12. Was the ending satisfying? Realistic?
  13. Any obvious grammatical, spelling, punctuation or capitalization errors? Where?
  14. Do you feel the writing style suits the genre? Does it stay true to the book?  If not, why?
  15. What, if anything, is missing from the book?

Ask them to complete whatever questions you need answers; or send them all. I tend to not answer questionnaires – rather I just send an email of my overall impression along with the edited version of the book.  I do track changes.

Don’t limit yourself but don’t overwhelm yourself either.  I would suggest no more than five and no less than three.  Be sure to thank your beta readers.  You don’t have to gift them anything but a nice, well written thank you is awesome!  Especially if you put it on their social media.

Lastly, you might wonder what is truly in it for beta readers.  For some, they charge a slight fee.  However, for most they want the privilege of reading something FIRST.  (For me, it allowed contact with writers in my favorite genre and a professional relationship with bragging rights.)

Good luck with finding your beta readers and for additional suggestions.


Charla White

” I have 30+ years of editing experience within the worlds of academia and business. My degrees are a B.A. in English with a Master’s in Education.  I have written and edited a variety of publications – newsletters, brochures, websites, marketing materials, presentations, dissertations, and both fiction and non-fiction books.

For the students and faculty of institutions of higher learning, I have provided them with proofreading and light to heavy editing to showcase their work and earning them the one thing they desired – a piece of writing that will allow them to receive the job, the grant, or the grade/diploma.  I have worked on multiple dissertations ranging from IT Issues on a College Campus to Black Women in History to The Effects of the Potato Famine to The role of Pop Culture in Society.   In addition, I have worked on several papers focusing on topics within philosophy, religion, sociology and anthropology and some natural sciences.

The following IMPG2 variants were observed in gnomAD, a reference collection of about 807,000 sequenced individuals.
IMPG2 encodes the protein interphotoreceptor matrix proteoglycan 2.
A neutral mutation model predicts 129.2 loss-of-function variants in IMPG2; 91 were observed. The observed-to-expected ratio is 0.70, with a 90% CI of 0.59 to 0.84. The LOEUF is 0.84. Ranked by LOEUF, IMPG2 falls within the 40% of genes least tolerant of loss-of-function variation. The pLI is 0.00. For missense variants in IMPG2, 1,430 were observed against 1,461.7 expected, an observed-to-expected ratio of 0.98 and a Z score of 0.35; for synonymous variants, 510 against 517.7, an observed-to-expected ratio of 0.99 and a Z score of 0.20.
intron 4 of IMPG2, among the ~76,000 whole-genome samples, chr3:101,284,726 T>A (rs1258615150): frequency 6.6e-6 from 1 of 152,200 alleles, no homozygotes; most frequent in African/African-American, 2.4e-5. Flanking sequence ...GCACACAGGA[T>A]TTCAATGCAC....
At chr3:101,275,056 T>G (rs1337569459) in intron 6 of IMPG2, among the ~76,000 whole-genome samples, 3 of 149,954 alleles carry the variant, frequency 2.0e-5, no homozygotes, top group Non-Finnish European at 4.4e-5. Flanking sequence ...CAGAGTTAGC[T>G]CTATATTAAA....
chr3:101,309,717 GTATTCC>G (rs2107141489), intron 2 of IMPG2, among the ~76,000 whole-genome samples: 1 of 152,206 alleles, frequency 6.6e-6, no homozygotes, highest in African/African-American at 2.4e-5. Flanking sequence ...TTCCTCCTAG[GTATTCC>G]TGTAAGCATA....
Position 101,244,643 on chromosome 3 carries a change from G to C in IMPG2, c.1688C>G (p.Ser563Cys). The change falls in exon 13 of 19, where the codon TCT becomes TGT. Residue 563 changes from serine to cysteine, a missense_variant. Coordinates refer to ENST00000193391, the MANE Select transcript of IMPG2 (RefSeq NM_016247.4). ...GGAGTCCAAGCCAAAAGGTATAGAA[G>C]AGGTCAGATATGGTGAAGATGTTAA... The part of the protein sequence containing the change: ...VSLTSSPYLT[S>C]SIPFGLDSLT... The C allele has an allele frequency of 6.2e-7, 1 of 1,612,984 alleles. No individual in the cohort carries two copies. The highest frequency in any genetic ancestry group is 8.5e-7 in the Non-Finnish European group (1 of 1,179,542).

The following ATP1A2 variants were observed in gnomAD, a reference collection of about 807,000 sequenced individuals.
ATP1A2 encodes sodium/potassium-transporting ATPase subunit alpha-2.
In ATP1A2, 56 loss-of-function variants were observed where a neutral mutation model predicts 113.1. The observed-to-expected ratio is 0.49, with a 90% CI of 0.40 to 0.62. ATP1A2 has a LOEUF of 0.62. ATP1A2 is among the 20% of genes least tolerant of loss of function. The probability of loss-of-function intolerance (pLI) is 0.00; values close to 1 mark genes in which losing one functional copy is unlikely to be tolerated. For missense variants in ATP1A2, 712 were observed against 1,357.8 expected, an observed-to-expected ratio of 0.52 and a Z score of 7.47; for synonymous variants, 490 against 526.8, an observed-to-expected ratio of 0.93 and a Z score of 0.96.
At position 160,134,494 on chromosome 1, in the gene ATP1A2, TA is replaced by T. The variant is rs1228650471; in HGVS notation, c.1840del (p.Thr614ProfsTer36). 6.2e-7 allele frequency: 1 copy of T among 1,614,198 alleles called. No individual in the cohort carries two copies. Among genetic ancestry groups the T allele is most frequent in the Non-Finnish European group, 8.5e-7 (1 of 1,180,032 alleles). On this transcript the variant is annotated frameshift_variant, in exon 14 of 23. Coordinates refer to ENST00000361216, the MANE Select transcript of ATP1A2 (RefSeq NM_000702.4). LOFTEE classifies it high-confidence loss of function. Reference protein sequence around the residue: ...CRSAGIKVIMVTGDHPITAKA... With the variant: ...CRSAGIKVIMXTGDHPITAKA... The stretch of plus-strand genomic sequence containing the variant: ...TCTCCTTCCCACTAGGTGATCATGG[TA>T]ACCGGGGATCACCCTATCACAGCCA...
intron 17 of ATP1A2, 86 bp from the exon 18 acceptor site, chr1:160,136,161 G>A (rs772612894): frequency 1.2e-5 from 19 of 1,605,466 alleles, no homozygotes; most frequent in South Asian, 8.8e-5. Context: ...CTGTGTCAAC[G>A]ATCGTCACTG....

I have also provided professionals and graduates seeking employment, feedback on their resumes and presentations.  Editing PowerPoint presentations and their supporting documents to further enhance and draw specific attention to their skills.

For authors, I have proofed final drafts, provided reviews with and without editing suggestions, light to heavy editing, ghost written several chapters of different genres of writing (specifically memoirs, historical romance and horror).  As an editor, it is important for the author’s voice to not be lost. My editing has been successful in providing constructive feedback without losing the author’s voice.

I have worked with authors on editing within multiple genres: horror, memoirs, humor, romance, historical (specifically the Civil War), thrillers and mysteries.  Each author has received exclusive attention and time dedicated to their book/writing.

Finally, I have provided honest reviews in all genres for a variety of websites – the,,,  and other sites that award authors with special recognition.  I have also served as reviewer and voter for writings submitted to be included in Hell’s Gate – a series of horror anthologies for Veterans.”

Charla has been a great friend of indieBRAG- reviewing and interviewing our authors and their books and sharing her skills of editing!

Find out more about WordsAPlenty